SACD Ripping using an Oppo or Pioneer? Yes, it's true!
here are new compilations of SACD_EXTRACT & SACDExtractGUI based on mindset's latest sources for the most common OSes.
SACDExtractGUI v0.1-7-g135cbd5d sacd_extract version 0.3.[email protected]-13-g58db5f16fcf410ae4d6aeca226a067b37ade136a
Linux x64 package: [email protected]_git_2019-03-21.zipQuote
macOS x64 package: [email protected]_git_2019-03-21.zipQuote
Windows x64 package: [email protected]_git_2019-03-21.zipQuote
Happy ripping 💿 & USE THEM AT YOUR OWN RISK! ☢️
Network behavior with SL large buffers
AudioLinux and NUC Troubleshooting and Tuning
So I have been scratching my head about this SQ boost running squeezelite with large input stream (from LMS) and output stream (to USB device, i.e. DAC) buffers. After all, think about these points:
- In ramroot mode, the OS (i.e. the / filesystem) is loaded into a RAM disk (/dev/zram0)
- The squeezelite executable (the exe for you Windows types) is now living on the RAM disk at location /usr/bin/squeezelite, i.e. also on zram0
- When you "run" it, you create a new process, with its own virtual address space, and the loader starts loading pages from the file... which is already in memory!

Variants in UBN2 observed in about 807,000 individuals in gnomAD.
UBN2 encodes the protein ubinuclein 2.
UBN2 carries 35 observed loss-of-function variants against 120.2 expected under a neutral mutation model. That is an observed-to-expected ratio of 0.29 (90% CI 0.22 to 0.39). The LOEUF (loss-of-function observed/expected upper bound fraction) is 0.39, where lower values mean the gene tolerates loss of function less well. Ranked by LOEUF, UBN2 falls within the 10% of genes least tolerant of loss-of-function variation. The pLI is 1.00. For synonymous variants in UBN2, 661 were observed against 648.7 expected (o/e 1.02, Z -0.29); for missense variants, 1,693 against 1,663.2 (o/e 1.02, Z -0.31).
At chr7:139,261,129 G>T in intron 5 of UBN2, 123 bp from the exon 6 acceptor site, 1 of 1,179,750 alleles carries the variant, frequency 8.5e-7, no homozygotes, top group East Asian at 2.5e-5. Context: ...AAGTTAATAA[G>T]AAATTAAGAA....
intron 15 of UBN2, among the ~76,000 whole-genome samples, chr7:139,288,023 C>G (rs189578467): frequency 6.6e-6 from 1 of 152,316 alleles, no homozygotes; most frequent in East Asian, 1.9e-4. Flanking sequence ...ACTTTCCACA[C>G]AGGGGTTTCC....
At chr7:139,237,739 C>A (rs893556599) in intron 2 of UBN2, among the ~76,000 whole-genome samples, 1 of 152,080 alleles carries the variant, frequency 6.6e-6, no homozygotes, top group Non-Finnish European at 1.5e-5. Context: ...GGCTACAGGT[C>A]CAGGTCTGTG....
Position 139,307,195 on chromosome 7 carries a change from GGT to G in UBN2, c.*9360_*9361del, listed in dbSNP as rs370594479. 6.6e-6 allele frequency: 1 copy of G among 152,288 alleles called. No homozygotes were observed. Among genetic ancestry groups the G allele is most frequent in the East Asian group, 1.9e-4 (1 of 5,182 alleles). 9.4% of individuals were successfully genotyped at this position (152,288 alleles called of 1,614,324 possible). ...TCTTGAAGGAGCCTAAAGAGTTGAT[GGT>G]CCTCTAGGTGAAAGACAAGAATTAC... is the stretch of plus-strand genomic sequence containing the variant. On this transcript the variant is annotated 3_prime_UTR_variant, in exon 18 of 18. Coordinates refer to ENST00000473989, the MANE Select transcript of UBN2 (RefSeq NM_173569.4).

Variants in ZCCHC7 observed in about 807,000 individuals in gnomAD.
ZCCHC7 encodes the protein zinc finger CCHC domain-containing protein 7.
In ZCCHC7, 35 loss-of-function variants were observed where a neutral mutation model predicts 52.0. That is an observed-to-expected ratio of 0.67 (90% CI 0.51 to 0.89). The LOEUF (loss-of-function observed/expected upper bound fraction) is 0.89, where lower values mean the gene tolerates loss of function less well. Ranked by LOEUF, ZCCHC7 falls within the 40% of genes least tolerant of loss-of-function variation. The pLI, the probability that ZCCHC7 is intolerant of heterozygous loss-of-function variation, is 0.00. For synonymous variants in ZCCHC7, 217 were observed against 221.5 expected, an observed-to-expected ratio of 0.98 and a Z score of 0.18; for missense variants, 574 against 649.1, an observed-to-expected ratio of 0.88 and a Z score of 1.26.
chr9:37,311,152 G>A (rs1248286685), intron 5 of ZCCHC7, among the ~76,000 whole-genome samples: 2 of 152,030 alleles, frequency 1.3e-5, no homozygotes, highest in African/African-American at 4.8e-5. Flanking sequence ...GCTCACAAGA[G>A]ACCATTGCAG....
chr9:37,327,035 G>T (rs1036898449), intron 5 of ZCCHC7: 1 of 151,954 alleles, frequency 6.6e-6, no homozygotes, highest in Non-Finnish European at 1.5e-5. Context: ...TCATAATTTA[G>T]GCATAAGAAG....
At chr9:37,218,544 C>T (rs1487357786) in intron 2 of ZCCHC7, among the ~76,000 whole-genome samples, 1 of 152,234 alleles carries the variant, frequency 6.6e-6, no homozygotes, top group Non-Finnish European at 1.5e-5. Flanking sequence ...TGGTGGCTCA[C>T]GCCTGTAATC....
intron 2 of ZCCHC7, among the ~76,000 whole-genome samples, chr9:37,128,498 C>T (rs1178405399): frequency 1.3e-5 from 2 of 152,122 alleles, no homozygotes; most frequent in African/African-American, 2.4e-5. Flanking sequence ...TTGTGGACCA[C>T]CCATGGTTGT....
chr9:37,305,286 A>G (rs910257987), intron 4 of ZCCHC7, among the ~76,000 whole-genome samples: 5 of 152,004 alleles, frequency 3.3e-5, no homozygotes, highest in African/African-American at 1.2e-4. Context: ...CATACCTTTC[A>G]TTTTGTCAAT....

- Once you start streaming the music, it looks like squeezelite has an input_stream buffer (receive from LMS/Roon) and an output_stream buffer (send to USB device, i.e. DAC/DDC)
- These buffers are also in memory. All that -b does is preallocate a large buffer from the get go.
So what is different about the default case (no -b) with the large buffer case? Why does the latter sound better? In both cases, all I/O is from memory already, or from the network. So I did some monitoring.
I ran a 24/96 track, that is 11.5 mins long. File size is 188MB. With FLAC compression, it's effective bit rate as shown by MP3tag is:
I streamed this file in 3 configs, with the server running Roon Core:
- squeezelite default
- squeezelite -b 1572864:1572864
Between each run, I cleared the filesystem cache by running: echo 3 > /proc/sys/vm/drop_caches
I used the command iftop -i eno1 to look at network traffic. The 3 columns show the average over the last 2, 10, and 40 secs respectively. I'm showing the numbers for the bottom of the screen, which are the aggregates for the entire machine on the eno1 (ethernet) interface. The first row is outbound, the second is inbound.